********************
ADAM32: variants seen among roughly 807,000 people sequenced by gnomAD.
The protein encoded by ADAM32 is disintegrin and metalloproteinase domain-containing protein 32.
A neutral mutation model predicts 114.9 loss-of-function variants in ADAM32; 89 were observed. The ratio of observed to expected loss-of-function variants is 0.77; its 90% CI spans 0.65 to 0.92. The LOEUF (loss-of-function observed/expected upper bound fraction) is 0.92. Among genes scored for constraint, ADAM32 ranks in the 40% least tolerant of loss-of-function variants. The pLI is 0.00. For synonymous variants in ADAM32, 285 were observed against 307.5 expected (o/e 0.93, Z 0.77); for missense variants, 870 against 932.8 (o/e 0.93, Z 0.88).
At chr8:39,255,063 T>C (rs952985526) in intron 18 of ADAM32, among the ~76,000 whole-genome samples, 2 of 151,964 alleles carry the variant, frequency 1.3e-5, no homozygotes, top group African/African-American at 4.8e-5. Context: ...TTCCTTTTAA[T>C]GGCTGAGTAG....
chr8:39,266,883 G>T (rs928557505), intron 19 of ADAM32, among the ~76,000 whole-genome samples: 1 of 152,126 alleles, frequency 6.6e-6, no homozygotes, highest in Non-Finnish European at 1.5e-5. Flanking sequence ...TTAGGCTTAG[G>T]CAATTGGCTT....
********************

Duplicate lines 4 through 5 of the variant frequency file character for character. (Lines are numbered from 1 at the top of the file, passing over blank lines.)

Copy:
At chr8:39,255,063 T>C (rs952985526) in intron 18 of ADAM32, among the ~76,000 whole-genome samples, 2 of 151,964 alleles carry the variant, frequency 1.3e-5, no homozygotes, top group African/African-American at 4.8e-5. Context: ...TTCCTTTTAA[T>C]GGCTGAGTAG....
chr8:39,266,883 G>T (rs928557505), intron 19 of ADAM32, among the ~76,000 whole-genome samples: 1 of 152,126 alleles, frequency 6.6e-6, no homozygotes, highest in Non-Finnish European at 1.5e-5. Flanking sequence ...TTAGGCTTAG[G>T]CAATTGGCTT....